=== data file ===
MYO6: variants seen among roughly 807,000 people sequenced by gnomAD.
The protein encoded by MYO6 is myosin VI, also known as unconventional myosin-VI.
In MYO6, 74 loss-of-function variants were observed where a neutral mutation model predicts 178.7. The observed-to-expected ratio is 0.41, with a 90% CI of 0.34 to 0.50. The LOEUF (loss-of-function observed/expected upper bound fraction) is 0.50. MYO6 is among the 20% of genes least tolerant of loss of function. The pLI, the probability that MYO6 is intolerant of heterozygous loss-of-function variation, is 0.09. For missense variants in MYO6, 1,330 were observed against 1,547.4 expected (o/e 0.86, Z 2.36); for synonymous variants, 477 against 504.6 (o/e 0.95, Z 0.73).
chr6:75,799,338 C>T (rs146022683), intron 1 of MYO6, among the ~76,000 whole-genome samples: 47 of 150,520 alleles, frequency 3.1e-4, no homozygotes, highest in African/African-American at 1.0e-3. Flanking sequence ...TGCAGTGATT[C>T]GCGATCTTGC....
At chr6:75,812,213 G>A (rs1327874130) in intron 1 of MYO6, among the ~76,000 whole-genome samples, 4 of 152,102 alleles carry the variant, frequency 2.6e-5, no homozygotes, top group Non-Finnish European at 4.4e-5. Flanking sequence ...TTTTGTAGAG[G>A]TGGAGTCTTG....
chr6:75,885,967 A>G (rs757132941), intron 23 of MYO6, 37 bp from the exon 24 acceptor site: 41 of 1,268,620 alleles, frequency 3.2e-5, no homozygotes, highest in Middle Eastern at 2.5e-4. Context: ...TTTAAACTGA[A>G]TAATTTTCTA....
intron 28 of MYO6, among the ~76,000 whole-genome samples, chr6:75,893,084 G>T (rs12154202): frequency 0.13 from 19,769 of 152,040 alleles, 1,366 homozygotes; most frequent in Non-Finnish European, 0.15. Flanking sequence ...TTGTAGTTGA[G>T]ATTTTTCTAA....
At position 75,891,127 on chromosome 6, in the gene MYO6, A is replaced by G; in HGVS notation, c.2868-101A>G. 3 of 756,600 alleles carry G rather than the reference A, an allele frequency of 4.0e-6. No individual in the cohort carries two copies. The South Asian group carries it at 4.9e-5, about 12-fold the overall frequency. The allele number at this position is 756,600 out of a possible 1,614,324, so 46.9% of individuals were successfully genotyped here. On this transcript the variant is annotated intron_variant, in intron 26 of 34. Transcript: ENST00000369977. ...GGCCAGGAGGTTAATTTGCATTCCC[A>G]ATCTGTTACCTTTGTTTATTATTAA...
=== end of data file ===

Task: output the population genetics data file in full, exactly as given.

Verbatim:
MYO6: variants seen among roughly 807,000 people sequenced by gnomAD.
The protein encoded by MYO6 is myosin VI, also known as unconventional myosin-VI.
In MYO6, 74 loss-of-function variants were observed where a neutral mutation model predicts 178.7. The observed-to-expected ratio is 0.41, with a 90% CI of 0.34 to 0.50. The LOEUF (loss-of-function observed/expected upper bound fraction) is 0.50. MYO6 is among the 20% of genes least tolerant of loss of function. The pLI, the probability that MYO6 is intolerant of heterozygous loss-of-function variation, is 0.09. For missense variants in MYO6, 1,330 were observed against 1,547.4 expected (o/e 0.86, Z 2.36); for synonymous variants, 477 against 504.6 (o/e 0.95, Z 0.73).
chr6:75,799,338 C>T (rs146022683), intron 1 of MYO6, among the ~76,000 whole-genome samples: 47 of 150,520 alleles, frequency 3.1e-4, no homozygotes, highest in African/African-American at 1.0e-3. Flanking sequence ...TGCAGTGATT[C>T]GCGATCTTGC....
At chr6:75,812,213 G>A (rs1327874130) in intron 1 of MYO6, among the ~76,000 whole-genome samples, 4 of 152,102 alleles carry the variant, frequency 2.6e-5, no homozygotes, top group Non-Finnish European at 4.4e-5. Flanking sequence ...TTTTGTAGAG[G>A]TGGAGTCTTG....
chr6:75,885,967 A>G (rs757132941), intron 23 of MYO6, 37 bp from the exon 24 acceptor site: 41 of 1,268,620 alleles, frequency 3.2e-5, no homozygotes, highest in Middle Eastern at 2.5e-4. Context: ...TTTAAACTGA[A>G]TAATTTTCTA....
intron 28 of MYO6, among the ~76,000 whole-genome samples, chr6:75,893,084 G>T (rs12154202): frequency 0.13 from 19,769 of 152,040 alleles, 1,366 homozygotes; most frequent in Non-Finnish European, 0.15. Flanking sequence ...TTGTAGTTGA[G>T]ATTTTTCTAA....
At position 75,891,127 on chromosome 6, in the gene MYO6, A is replaced by G; in HGVS notation, c.2868-101A>G. 3 of 756,600 alleles carry G rather than the reference A, an allele frequency of 4.0e-6. No individual in the cohort carries two copies. The South Asian group carries it at 4.9e-5, about 12-fold the overall frequency. The allele number at this position is 756,600 out of a possible 1,614,324, so 46.9% of individuals were successfully genotyped here. On this transcript the variant is annotated intron_variant, in intron 26 of 34. Transcript: ENST00000369977. ...GGCCAGGAGGTTAATTTGCATTCCC[A>G]ATCTGTTACCTTTGTTTATTATTAA...